garlic extracts. Allicin can be produced by treating synthetic alliin with purified alliinase. In order to get reproducible amounts of allicin, this process can be done immediately before administration (Rabinkov et al., 1994).
The beneficial effects of garlic consumption are well documented in the traditional medicine of many cultures in the world, and especially in the Chinese system of medicine, where garlic is associated with longevity. Indeed, garlic extracts contain several biologically active compounds; and allicin and its analogues have been the most thoroughly investigated. Allicin shows in vitro and in vivo antimicrobial and anticancer activity, and has beneficial cardiovascular effects, lowering blood lipids and interfering with thrombogenesis. It also shows antibacterial activity, and freshly obtained aqueous garlic extracts as well as crude allicin (15 mg/kg) could counteract a lethal dose of intestinal Shigella in rabbits (Chowdhury et al., 1991).
Both animal studies and epidemiological investigations have shown an inverse association between the consumption of garlic and stomach and colon cancers, presumably due to the inhibition of gastric nitrosation in the acidic stomach environment. Gastric nitrosation is responsible for the formation of carcinogenic N-nitroso compounds, and its inhibition might be related to the antibiotic activity of allicin on nitrate-reducing bacteria (Mei et al., 1989). Allicin, along with other constituents, has also been related to the antitumour effects of garlic. Synergistic interaction with diallyl sulphide, which strengthens the detoxification activity of gluthathione; spirostane saponins (common to other Allium species), which show powerful cytotoxicity in vitro; as well as with the phytoalexin allixin have been proposed. Allicin might also be responsible for most of the serum lipid-lowering effects of garlic. Six major clinical trials with fresh garlic cloves (3—10 g) and almost thirty with garlic powder tablets (0.6—0.9 g) support a beneficial activity on serum triglycerides (approx. 12 per cent reduction) and cholesterol (approx. 11 per cent reduction). Amounts of allicin as low as 0.07 mg/kg can still have effects on serum lipids. The hypolipaemic activity of garlic supplements is apparently stronger in women than in men.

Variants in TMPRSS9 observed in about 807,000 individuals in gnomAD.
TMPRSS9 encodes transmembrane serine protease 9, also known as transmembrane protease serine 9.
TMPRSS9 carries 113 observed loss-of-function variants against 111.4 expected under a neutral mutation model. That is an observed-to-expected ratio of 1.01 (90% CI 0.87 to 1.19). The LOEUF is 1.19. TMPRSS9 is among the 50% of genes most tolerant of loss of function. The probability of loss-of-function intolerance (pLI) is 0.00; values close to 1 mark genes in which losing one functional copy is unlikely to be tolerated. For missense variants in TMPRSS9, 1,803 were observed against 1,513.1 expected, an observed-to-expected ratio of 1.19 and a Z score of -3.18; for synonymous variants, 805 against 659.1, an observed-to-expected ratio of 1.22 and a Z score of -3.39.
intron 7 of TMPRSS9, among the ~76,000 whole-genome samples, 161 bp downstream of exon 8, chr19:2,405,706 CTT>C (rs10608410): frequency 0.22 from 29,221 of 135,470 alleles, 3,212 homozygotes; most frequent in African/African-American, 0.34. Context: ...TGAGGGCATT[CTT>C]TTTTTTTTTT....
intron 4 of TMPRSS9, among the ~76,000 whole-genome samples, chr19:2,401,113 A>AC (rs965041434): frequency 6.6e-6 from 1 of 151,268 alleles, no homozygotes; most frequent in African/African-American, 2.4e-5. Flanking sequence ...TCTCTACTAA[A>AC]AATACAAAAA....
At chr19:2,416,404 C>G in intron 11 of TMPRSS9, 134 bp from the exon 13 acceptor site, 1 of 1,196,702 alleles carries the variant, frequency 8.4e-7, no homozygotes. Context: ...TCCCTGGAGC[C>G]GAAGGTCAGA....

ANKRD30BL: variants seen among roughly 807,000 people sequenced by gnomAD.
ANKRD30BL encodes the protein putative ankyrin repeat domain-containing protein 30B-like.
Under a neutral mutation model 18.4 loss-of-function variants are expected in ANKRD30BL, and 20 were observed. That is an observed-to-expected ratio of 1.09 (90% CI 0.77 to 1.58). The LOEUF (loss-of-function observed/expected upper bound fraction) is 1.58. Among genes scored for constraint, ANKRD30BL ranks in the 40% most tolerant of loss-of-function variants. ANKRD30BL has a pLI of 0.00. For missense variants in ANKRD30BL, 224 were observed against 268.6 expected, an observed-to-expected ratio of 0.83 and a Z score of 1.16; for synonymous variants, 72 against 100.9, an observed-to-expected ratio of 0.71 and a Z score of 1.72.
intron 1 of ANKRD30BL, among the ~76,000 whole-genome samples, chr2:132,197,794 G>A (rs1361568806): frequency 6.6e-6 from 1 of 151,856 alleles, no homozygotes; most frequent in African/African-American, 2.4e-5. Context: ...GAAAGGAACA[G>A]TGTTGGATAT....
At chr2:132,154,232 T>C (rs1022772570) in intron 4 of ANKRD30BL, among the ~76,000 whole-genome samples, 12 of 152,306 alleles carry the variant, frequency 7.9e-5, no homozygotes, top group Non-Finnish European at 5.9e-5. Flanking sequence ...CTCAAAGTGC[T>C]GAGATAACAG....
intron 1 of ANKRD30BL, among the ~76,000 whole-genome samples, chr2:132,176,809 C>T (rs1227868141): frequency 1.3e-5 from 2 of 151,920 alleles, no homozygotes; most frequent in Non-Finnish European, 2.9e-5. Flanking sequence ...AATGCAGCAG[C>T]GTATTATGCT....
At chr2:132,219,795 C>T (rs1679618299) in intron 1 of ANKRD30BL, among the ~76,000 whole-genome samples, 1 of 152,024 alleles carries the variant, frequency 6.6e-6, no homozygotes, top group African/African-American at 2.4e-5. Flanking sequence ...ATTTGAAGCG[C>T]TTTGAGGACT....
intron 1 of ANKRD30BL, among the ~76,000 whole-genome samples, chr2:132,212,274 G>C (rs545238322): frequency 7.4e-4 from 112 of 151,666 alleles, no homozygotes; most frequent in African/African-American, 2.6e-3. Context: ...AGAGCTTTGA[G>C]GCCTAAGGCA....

Allicin and allicin-derived garlic compounds (ajoene, diallyl trisulphide, vinyldithi-ins) are strong inhibitors of human platelet aggregation. In vivo clinical studies with fresh garlic (100 mg/kg, corresponding to c.0.4 mg allicin/kg) have shown a 50 per cent decrease of the blood clotting power, presumably mediated by the inhibition of cAMP phosphodiesterase (Kiesewetter et al., 1993).
Despite the excellent record of in vitro and in vivo activity, allicin is difficult to formulate for its instability, and it is not clear if it is superior to garlic extracts or fresh garlic in any of its potential pharmacological applications. Furthermore, nothing is known on the molecular mechanism of its various activities.
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